Learning Guides

Design Principles

  1. Learning purpose is clearly communicated. The big ideas or skills developed in a learning guide are apparent. These should fall naturally out of the programmes of learning.

  2. Learning is student centered. The learning takes students on a journey as most tasks are student centered.

  3. Learning is differentiated – by process, context or product and content.

  4. Learning can be completely independent of the teacher.

  5. Learning is varied. Both within learning guides and from one learning guide to the next.

  6. Learning processes are explicit. Where possible, learning behaviours (eg norms) and skills (eg thinking skills) are identified.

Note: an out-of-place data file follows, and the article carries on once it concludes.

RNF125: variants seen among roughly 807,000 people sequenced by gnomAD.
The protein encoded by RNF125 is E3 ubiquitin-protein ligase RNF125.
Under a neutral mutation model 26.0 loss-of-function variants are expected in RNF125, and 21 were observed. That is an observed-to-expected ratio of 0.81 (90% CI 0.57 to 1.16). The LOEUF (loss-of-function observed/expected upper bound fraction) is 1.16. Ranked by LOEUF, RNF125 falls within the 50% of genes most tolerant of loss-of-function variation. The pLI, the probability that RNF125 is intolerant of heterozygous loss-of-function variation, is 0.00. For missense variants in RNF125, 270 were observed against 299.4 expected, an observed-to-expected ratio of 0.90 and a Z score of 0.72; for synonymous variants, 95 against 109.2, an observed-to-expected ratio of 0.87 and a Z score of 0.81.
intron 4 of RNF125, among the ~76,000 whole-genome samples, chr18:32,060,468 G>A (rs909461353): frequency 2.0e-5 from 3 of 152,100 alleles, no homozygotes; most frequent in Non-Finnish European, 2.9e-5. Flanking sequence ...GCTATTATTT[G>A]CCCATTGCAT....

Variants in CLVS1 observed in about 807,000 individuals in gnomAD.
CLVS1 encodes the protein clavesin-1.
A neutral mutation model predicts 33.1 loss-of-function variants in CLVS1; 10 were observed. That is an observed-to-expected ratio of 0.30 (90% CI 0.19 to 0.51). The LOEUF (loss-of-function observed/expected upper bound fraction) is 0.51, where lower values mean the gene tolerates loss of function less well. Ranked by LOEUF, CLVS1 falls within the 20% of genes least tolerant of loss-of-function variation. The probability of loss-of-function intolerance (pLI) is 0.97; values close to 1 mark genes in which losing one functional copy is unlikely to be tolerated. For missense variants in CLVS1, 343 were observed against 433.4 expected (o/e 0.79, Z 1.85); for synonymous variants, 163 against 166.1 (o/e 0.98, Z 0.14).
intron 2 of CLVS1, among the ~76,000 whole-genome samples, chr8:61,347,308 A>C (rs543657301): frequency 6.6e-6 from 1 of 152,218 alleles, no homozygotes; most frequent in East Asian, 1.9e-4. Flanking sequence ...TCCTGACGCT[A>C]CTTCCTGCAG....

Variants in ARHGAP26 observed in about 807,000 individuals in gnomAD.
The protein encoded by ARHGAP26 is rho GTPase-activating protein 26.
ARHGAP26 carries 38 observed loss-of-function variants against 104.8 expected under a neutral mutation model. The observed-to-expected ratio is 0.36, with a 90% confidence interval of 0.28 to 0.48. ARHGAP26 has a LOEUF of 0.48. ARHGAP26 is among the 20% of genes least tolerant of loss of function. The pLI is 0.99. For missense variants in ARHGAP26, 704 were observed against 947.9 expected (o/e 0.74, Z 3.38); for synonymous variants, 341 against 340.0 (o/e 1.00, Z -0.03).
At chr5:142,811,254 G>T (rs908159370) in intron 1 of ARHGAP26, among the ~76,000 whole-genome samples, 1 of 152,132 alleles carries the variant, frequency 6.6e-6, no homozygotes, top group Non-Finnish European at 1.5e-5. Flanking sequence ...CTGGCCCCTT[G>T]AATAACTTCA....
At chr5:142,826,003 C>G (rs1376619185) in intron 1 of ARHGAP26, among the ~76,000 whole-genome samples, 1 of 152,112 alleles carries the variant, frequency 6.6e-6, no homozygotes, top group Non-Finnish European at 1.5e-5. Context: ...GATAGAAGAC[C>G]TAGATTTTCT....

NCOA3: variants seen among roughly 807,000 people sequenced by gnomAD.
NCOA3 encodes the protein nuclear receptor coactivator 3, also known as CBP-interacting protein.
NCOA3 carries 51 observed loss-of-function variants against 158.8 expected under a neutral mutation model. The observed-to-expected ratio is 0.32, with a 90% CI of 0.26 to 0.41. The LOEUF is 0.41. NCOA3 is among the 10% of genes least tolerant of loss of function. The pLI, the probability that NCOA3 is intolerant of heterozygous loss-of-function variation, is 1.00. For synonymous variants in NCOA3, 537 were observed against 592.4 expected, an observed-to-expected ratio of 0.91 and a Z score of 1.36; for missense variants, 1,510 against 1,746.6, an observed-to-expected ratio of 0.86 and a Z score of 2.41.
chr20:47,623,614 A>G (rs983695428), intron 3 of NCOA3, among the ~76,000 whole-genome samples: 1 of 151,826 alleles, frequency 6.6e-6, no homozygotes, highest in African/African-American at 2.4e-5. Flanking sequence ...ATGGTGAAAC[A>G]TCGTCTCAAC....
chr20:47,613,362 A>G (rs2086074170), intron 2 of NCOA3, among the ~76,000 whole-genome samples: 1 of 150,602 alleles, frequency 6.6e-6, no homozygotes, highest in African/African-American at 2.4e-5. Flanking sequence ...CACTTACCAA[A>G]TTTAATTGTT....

7. Learning is challenging. Tasks provide appropriate level of challenge to engage and sustain interest.

  8. Learning is monitored. Could be through self assessment and reflections, peer assessments, formative assessments, diagnostic assessments or other checkpoints.

  9. Learning timeframes are indicated.

Why use a Learning Guide System?

A Learning Guide System provides a framework for personalised learning. Features are:

  • common language (across the school)
  • common format or features (within a learning area)
  • easy monitoring and reporting for Learning Advisors
  • self pacing and self management
  • flexible assessment
  • built in accountability

What is a Learning Guide?

A learning guide (either electronic or paper) provides an outline of the activities students need to complete to help them understand key concepts, or develop certain skills. Usually a large topic is broken down into units of work that would typically represent a week or two of learning.

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